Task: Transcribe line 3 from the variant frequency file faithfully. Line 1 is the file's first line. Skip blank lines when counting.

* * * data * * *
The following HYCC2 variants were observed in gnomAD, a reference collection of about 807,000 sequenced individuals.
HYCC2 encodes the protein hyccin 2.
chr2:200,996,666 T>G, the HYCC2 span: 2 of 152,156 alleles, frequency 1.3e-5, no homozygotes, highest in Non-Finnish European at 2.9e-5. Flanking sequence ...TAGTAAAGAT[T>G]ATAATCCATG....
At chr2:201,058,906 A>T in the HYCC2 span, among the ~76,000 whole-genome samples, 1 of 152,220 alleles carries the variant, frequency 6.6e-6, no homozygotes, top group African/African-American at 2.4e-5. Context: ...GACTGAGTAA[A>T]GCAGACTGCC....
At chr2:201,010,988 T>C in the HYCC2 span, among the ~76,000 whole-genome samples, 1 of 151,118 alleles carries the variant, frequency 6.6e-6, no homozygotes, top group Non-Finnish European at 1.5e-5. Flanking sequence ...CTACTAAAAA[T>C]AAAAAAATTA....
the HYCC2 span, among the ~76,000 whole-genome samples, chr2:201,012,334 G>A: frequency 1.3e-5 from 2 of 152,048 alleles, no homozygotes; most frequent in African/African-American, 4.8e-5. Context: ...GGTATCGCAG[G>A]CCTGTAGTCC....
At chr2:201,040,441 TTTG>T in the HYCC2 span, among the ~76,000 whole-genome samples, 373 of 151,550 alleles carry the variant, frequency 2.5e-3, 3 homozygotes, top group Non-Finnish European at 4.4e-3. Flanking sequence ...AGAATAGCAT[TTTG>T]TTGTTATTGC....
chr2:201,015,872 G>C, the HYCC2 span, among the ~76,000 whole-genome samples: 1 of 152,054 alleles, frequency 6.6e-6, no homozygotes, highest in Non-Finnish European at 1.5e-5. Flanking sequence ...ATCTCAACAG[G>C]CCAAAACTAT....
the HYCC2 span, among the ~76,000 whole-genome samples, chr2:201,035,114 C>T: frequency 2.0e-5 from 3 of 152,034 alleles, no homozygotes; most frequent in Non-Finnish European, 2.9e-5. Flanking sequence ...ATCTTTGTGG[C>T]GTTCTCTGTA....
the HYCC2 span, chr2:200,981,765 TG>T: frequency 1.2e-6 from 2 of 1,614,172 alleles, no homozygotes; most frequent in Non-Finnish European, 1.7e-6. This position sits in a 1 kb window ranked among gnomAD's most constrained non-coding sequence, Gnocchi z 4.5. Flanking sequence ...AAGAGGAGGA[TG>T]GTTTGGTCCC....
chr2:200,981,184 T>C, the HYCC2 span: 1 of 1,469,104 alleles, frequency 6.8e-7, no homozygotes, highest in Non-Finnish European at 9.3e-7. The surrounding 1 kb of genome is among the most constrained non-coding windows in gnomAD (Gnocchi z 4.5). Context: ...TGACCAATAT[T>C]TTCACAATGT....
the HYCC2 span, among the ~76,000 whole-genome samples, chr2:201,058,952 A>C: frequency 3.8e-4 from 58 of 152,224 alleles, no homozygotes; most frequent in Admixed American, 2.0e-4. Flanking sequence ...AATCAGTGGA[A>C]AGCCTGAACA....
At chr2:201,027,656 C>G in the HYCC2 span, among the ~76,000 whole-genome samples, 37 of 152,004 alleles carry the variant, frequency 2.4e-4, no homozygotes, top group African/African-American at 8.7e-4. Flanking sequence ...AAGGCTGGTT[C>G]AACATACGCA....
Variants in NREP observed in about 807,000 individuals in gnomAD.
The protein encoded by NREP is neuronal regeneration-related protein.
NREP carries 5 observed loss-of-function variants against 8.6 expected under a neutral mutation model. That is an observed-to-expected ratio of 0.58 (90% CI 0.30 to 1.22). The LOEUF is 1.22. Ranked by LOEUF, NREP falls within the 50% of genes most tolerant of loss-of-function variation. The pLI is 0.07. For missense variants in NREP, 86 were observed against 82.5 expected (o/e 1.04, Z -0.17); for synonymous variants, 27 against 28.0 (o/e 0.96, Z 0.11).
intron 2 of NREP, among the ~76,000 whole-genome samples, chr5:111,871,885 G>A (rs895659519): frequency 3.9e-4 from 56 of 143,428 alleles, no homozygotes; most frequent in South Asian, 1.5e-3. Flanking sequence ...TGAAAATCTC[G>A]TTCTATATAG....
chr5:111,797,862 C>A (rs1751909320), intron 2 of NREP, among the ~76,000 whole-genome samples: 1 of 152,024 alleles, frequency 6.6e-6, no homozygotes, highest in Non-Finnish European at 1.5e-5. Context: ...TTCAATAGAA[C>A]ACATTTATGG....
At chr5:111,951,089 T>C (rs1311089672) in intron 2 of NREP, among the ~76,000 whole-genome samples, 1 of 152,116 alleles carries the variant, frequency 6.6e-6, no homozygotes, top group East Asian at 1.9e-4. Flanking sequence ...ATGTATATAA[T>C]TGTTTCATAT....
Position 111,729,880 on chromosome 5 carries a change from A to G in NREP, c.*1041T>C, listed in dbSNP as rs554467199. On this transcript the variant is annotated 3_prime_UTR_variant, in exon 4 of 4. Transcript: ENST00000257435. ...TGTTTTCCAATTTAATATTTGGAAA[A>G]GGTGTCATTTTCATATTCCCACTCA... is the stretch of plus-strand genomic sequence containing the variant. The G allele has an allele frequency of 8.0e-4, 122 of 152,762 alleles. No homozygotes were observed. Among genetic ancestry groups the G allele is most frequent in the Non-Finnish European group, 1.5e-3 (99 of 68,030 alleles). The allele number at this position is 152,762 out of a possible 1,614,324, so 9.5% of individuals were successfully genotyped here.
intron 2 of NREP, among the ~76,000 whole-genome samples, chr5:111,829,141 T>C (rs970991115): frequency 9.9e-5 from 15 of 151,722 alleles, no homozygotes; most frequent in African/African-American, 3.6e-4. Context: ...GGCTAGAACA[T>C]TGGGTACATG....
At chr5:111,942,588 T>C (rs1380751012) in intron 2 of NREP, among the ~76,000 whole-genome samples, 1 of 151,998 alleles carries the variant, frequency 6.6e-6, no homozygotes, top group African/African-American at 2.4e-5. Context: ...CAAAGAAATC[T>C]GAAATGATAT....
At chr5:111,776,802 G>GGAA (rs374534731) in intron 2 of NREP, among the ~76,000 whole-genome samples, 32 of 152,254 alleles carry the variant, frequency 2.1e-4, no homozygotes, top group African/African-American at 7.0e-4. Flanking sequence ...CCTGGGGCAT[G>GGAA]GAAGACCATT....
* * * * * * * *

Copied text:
chr2:200,996,666 T>G, the HYCC2 span: 2 of 152,156 alleles, frequency 1.3e-5, no homozygotes, highest in Non-Finnish European at 2.9e-5. Flanking sequence ...TAGTAAAGAT[T>G]ATAATCCATG....